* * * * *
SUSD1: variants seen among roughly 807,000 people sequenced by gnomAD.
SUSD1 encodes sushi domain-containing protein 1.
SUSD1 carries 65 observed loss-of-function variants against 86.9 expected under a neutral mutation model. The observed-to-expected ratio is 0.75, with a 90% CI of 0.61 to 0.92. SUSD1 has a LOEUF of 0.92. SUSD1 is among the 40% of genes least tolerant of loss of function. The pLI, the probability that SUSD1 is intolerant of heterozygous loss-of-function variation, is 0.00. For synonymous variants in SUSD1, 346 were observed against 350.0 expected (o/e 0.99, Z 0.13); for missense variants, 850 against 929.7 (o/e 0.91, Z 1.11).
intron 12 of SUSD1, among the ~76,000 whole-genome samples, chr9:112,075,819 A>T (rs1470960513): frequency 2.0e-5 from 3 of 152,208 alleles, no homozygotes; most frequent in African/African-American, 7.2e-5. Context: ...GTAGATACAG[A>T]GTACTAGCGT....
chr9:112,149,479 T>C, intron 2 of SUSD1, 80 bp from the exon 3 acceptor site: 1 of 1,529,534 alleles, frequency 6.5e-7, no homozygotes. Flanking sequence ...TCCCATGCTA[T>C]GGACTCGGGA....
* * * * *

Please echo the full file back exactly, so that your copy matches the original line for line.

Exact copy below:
SUSD1: variants seen among roughly 807,000 people sequenced by gnomAD.
SUSD1 encodes sushi domain-containing protein 1.
SUSD1 carries 65 observed loss-of-function variants against 86.9 expected under a neutral mutation model. The observed-to-expected ratio is 0.75, with a 90% CI of 0.61 to 0.92. SUSD1 has a LOEUF of 0.92. SUSD1 is among the 40% of genes least tolerant of loss of function. The pLI, the probability that SUSD1 is intolerant of heterozygous loss-of-function variation, is 0.00. For synonymous variants in SUSD1, 346 were observed against 350.0 expected (o/e 0.99, Z 0.13); for missense variants, 850 against 929.7 (o/e 0.91, Z 1.11).
intron 12 of SUSD1, among the ~76,000 whole-genome samples, chr9:112,075,819 A>T (rs1470960513): frequency 2.0e-5 from 3 of 152,208 alleles, no homozygotes; most frequent in African/African-American, 7.2e-5. Context: ...GTAGATACAG[A>T]GTACTAGCGT....
chr9:112,149,479 T>C, intron 2 of SUSD1, 80 bp from the exon 3 acceptor site: 1 of 1,529,534 alleles, frequency 6.5e-7, no homozygotes. Flanking sequence ...TCCCATGCTA[T>C]GGACTCGGGA....